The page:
Years ago I remember a friend talking about the tyranny of the blank page. It rang so true with my songwriting experience. There had been many times when I had finally set aside some time for the craft of songwriting, opened my notebook or strummed my guitar and nothing of substance came. I remembered the seemingly arbitrary rules that my saxophone teacher would give me for improvisation and realized that committing to a process or a structure, or an idea is often all you need to really get in motion.

In general, it seems that we often just need to write. Write often. Write those bad songs. Finish them. Throw them out. Laugh about them with your friends. Whether you’re ready to sit down and write a new song or you’re stuck with one you’ve started, here are some basic songwriting tools and reminders for everyone.

  • Collaborate – If you’ve never considered it, ask another musician for help and input on something that you’re working on! Look for a songwriters’ circle near you and if you can’t find one, create one! Ask I get together with other songwriters as often as I can for cowriting sessions and I’ll often get (or send) simple voice memos with ideas that are in progress. A facebook group is another way of sharing ideas and getting
  • Make (and break) The Rules – While it may sound silly, creating rules can be one of the best ways to get started with songwriting or to get unstuck. Here are some examples to get you thinking.
    • Starting points: Start with a particular element. Style, lyrics, the chord progression, a riff, an intentional plan for instrumentation, a visualization of the energy of the song…
    • Lyrics: Start with a title, find a hook, choose a rhyme scheme, etc.
    • Chord Progressions: Understanding a key may be the biggest asset when it comes to songwriting. From there, there are all kinds of tools to engage with the progression, but knowing the basic options for chords and then how to apply them through traditional progressions and cadences.
  • Seek Inspiration – 
    • Create daily discipline with something inspiring. Maybe you read a page from Rumi’s Big Red Book or a Psalm from the Bible. Maybe you get in the habit of daily walks in the park, or meditation. When you find something that works, lean into it a little more and try creating enough structure around it to help you engage it regularly.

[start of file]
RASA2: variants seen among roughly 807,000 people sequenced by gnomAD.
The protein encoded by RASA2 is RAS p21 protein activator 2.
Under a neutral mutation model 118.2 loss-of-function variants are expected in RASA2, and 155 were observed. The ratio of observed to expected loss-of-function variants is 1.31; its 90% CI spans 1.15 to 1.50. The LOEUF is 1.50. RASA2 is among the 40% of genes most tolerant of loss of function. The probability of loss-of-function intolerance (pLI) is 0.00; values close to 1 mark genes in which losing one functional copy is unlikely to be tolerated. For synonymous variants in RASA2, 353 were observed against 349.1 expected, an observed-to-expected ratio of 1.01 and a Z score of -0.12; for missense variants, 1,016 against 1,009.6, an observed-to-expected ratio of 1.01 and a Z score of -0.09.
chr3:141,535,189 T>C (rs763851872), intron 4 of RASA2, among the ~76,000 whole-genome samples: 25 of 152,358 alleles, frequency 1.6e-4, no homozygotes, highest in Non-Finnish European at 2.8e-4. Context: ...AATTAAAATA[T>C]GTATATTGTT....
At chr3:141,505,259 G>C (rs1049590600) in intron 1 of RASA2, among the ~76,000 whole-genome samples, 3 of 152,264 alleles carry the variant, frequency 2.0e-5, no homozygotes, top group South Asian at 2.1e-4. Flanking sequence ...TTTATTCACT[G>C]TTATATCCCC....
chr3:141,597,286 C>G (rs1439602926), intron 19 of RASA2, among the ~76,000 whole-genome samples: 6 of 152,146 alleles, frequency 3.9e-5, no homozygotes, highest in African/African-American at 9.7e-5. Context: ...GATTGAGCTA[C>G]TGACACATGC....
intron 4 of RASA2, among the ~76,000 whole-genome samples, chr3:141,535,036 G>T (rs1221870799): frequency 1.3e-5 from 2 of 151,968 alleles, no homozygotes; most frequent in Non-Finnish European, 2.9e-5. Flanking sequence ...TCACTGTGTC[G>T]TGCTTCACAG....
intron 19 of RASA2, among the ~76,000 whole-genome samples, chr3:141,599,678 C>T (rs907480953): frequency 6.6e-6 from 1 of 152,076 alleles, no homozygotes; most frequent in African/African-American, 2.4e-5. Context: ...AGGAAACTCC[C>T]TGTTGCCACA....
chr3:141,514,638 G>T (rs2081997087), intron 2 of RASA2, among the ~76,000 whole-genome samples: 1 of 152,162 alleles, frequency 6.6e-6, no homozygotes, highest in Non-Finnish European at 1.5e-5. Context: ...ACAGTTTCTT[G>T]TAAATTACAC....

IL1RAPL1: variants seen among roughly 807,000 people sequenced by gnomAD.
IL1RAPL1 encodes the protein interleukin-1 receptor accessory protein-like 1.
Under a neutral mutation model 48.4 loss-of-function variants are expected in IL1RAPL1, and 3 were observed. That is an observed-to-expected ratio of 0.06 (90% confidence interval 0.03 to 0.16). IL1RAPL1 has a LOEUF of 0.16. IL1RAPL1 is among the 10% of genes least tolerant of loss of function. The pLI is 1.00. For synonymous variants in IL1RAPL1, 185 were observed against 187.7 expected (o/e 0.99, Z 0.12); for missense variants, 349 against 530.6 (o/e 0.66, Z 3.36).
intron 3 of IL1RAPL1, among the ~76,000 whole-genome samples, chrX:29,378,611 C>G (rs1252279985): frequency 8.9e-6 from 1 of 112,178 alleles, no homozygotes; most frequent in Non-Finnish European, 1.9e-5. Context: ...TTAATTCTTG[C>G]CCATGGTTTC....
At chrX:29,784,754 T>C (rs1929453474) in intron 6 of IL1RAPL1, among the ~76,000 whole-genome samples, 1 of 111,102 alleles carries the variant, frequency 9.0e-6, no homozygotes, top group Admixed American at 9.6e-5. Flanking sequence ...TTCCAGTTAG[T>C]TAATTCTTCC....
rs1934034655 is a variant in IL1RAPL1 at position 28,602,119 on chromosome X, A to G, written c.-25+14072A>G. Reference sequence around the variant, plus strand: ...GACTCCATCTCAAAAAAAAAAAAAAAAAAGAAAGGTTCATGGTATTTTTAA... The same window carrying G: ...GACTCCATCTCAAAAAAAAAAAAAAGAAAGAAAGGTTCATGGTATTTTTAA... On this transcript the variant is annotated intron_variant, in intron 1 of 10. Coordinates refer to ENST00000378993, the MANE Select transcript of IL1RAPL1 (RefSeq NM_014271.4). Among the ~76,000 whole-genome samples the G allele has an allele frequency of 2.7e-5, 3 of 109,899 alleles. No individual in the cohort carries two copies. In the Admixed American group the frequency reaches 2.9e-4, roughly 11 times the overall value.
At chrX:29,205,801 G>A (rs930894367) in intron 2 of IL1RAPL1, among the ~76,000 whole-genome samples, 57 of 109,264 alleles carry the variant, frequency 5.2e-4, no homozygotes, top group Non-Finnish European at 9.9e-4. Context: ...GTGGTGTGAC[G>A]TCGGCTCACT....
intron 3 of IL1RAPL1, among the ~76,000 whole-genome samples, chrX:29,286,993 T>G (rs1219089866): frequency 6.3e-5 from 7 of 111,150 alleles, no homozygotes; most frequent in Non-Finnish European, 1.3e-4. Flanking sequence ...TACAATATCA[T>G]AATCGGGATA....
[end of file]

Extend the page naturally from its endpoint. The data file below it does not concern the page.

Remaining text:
• Know how you’ll catch inspiration. Do you sing/ speak into your phone’s voice memos? Do you carry a notebook with you? Do you write in Evernote or send yourself a text message?  Knowing how you can capture inspiration when those moments strike can be incredibly empowering.
  • Translation –
    • Colloquialize. Pick a poem, an old hymn, a psalm, a fortune cookie saying, etc. What’s it trying to say? How would you say that to your friends?
    • Iterate. pick a phrase that you want to use but say it differently. Then do it again, and again! Keep tweaking it until you get to something interesting (ie: God is good. God is not bad. God does not hurt. The one is not one who brings pain).
    • Get to the heart. Pick one of those theological things that you’re attached to- try to “bring it down from the mountain.” What’s at the heart of it that we can all understand? Is it a simple phrase like, “love wins” or “you’re enough” or “we’re in it together?”
  • Word Work –
    • Start with a random word. Writing prompts, index finger in a dictionary, Random Word generators, pull a word out of a hat, etc. Random matching can be really fun too. Sort of like Mad Libs, you can create starter kits for yourself. Create 3 piles of cards; feelings, adjectives, and places.
    • Pick a word or phrase that is meaningful or inspiring to you. Maybe it’s a quote or tweet.


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